Overfishing reduces food production, impairs the functioning of ecosystems and reduces biodiversity. The proportion of world marine fish stocks within biologically sustainable levels has declined from 90 per cent in 1974 to 68.6 per cent in 2013. However, the trend has slowed and appears to have stabilized from 2008 to 2013.
Small-scale fisheries face numerous challenges. In response, about 70 per cent of the respondents to a survey representing 92 countries and the European Union have introduced or developed regulations, policies, laws, plans or strategies specifically targeting small-scale fisheries.
When effectively managed and well resourced, marine protected areas are important mechanisms for safeguarding ocean life. In 2017, protected areas cover 13.2 per cent of the marine environment under national jurisdiction (up to 200 nautical miles from shore), 0.25 per cent of the marine environment beyond national jurisdiction and 5.3 per cent of the total global ocean area.
Source: Report of the Secretary-General, "Progress towards the Sustainable Development Goals",
14 TARGETS & INDICATORS
- By 2025, prevent and significantly reduce marine pollution of all kinds, in particular from land-based activities, including marine debris and nutrient pollution
- Index of coastal eutrophication and floating plastic debris density
- By 2020, sustainably manage and protect marine and coastal ecosystems to avoid significant adverse impacts, including by strengthening their resilience, and take action for their restoration in order to achieve healthy and productive oceans
- Proportion of national exclusive economic zones managed using ecosystem-based approaches
- Minimize and address the impacts of ocean acidification, including through enhanced scientific cooperation at all levels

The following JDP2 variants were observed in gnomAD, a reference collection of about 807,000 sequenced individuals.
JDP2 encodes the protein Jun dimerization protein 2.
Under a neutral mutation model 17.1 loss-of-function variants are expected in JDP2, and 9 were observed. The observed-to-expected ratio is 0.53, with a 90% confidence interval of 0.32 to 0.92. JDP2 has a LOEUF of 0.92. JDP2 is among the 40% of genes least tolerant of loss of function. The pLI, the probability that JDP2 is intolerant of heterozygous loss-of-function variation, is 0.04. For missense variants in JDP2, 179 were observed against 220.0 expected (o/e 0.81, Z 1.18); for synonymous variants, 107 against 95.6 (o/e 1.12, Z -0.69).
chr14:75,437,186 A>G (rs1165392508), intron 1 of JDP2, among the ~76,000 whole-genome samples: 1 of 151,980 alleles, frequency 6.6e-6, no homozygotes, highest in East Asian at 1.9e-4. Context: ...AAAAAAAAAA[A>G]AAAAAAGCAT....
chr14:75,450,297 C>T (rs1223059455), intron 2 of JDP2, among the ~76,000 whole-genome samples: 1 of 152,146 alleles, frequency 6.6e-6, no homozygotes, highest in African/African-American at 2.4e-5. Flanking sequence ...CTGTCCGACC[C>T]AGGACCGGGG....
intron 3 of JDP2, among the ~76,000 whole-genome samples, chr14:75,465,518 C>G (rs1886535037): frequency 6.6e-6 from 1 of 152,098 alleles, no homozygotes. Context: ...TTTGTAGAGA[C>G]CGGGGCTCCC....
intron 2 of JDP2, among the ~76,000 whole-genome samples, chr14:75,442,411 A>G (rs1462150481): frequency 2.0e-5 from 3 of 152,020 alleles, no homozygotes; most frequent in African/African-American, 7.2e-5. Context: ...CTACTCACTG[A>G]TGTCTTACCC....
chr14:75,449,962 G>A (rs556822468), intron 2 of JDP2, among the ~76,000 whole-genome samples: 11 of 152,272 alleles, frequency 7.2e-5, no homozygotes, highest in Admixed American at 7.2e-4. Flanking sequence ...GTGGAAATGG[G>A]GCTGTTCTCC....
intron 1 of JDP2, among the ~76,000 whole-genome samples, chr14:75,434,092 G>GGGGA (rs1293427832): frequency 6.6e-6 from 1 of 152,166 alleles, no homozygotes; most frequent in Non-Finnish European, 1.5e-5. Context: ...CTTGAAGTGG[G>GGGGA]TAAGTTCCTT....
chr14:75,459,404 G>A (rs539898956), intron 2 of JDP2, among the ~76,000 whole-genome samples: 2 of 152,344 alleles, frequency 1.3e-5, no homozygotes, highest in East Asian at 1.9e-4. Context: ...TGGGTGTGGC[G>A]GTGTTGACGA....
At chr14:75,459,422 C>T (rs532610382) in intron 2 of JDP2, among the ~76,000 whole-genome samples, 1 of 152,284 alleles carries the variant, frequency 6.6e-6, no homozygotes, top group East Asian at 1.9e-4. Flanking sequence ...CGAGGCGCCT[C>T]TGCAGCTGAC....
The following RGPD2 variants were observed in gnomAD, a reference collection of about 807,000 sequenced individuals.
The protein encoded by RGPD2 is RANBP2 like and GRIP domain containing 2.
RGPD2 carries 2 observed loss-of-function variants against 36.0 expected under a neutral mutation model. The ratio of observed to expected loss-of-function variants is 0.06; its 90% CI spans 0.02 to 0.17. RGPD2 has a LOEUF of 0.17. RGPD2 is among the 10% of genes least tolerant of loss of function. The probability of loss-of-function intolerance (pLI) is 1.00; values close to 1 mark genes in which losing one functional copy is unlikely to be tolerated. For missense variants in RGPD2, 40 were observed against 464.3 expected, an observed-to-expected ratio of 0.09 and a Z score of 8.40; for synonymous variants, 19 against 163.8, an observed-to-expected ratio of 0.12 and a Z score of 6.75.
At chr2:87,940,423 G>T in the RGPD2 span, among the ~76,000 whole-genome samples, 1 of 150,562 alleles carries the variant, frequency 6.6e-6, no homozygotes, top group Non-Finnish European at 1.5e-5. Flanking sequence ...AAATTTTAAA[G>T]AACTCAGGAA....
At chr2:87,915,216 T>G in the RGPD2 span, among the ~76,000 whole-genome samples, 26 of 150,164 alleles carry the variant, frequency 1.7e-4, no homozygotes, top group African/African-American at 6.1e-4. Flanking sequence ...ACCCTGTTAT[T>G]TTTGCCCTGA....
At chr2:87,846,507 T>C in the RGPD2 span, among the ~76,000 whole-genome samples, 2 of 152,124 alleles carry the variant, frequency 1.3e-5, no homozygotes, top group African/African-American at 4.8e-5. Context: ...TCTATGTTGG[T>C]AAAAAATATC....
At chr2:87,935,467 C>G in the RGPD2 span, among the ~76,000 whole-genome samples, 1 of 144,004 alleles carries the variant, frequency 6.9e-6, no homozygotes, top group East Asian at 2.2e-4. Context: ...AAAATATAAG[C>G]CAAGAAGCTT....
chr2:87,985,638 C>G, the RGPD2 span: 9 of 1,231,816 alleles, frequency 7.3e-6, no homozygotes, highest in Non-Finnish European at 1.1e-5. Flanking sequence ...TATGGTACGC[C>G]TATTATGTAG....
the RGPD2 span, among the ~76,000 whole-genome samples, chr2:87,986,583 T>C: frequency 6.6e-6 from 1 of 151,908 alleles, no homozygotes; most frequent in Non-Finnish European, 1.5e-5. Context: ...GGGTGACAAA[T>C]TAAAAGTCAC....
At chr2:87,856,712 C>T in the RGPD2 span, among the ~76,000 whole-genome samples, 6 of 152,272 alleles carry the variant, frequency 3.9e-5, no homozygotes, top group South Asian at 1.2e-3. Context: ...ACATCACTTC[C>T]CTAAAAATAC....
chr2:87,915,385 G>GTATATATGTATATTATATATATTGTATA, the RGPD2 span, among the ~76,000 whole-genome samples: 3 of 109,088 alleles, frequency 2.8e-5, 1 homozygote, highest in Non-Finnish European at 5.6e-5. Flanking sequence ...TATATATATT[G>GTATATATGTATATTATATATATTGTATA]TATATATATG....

14.3.1 - Average marine acidity (pH) measured at agreed suite of representative sampling stations
- By 2020, effectively regulate harvesting and end overfishing, illegal, unreported and unregulated fishing and destructive fishing practices and implement science-based management plans, in order to restore fish stocks in the shortest time feasible, at least to levels that can produce maximum sustainable yield as determined by their biological characteristics
- Proportion of fish stocks within biologically sustainable levels
- By 2020, conserve at least 10 per cent of coastal and marine areas, consistent with national and international law and based on the best available scientific information
- Coverage of protected areas in relation to marine areas
- By 2020, prohibit certain forms of fisheries subsidies which contribute to overcapacity and overfishing, eliminate subsidies that contribute to illegal, unreported and unregulated fishing and refrain from introducing new such subsidies, recognizing that appropriate and effective special and differential treatment for developing and least developed countries should be an integral part of the World Trade Organization fisheries subsidies negotiation
- Progress by countries in the degree of implementation of international instruments aiming to combat illegal, unreported and unregulated fishing